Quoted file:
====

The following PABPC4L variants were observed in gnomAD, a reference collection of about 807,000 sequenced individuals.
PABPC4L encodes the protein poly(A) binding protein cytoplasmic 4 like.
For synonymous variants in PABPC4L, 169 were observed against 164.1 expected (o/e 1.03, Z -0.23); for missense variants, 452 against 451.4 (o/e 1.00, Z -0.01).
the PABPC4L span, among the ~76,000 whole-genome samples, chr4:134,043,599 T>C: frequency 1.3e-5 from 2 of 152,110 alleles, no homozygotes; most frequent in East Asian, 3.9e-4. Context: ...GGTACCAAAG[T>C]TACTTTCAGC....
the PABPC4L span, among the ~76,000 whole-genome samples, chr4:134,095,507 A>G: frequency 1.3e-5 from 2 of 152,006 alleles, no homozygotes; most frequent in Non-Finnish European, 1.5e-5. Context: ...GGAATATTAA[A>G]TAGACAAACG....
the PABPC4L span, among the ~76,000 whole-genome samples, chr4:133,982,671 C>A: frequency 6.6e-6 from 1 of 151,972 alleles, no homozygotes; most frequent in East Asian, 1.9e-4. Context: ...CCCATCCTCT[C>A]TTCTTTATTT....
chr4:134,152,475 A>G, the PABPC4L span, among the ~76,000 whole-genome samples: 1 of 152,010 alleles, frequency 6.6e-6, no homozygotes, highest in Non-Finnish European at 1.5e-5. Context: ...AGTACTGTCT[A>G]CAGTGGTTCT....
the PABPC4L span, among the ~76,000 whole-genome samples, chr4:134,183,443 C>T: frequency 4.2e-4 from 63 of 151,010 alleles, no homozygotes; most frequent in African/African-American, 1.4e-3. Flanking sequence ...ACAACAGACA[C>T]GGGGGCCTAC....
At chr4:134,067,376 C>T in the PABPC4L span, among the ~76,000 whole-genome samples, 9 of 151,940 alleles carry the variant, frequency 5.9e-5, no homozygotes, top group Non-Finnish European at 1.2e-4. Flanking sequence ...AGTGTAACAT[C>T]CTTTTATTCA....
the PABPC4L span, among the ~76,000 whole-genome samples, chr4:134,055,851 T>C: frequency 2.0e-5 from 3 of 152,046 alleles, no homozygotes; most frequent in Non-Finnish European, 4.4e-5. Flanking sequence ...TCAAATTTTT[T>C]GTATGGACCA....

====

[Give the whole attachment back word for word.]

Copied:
The following PABPC4L variants were observed in gnomAD, a reference collection of about 807,000 sequenced individuals.
PABPC4L encodes the protein poly(A) binding protein cytoplasmic 4 like.
For synonymous variants in PABPC4L, 169 were observed against 164.1 expected (o/e 1.03, Z -0.23); for missense variants, 452 against 451.4 (o/e 1.00, Z -0.01).
the PABPC4L span, among the ~76,000 whole-genome samples, chr4:134,043,599 T>C: frequency 1.3e-5 from 2 of 152,110 alleles, no homozygotes; most frequent in East Asian, 3.9e-4. Context: ...GGTACCAAAG[T>C]TACTTTCAGC....
the PABPC4L span, among the ~76,000 whole-genome samples, chr4:134,095,507 A>G: frequency 1.3e-5 from 2 of 152,006 alleles, no homozygotes; most frequent in Non-Finnish European, 1.5e-5. Context: ...GGAATATTAA[A>G]TAGACAAACG....
the PABPC4L span, among the ~76,000 whole-genome samples, chr4:133,982,671 C>A: frequency 6.6e-6 from 1 of 151,972 alleles, no homozygotes; most frequent in East Asian, 1.9e-4. Context: ...CCCATCCTCT[C>A]TTCTTTATTT....
chr4:134,152,475 A>G, the PABPC4L span, among the ~76,000 whole-genome samples: 1 of 152,010 alleles, frequency 6.6e-6, no homozygotes, highest in Non-Finnish European at 1.5e-5. Context: ...AGTACTGTCT[A>G]CAGTGGTTCT....
the PABPC4L span, among the ~76,000 whole-genome samples, chr4:134,183,443 C>T: frequency 4.2e-4 from 63 of 151,010 alleles, no homozygotes; most frequent in African/African-American, 1.4e-3. Flanking sequence ...ACAACAGACA[C>T]GGGGGCCTAC....
At chr4:134,067,376 C>T in the PABPC4L span, among the ~76,000 whole-genome samples, 9 of 151,940 alleles carry the variant, frequency 5.9e-5, no homozygotes, top group Non-Finnish European at 1.2e-4. Flanking sequence ...AGTGTAACAT[C>T]CTTTTATTCA....
the PABPC4L span, among the ~76,000 whole-genome samples, chr4:134,055,851 T>C: frequency 2.0e-5 from 3 of 152,046 alleles, no homozygotes; most frequent in Non-Finnish European, 4.4e-5. Flanking sequence ...TCAAATTTTT[T>C]GTATGGACCA....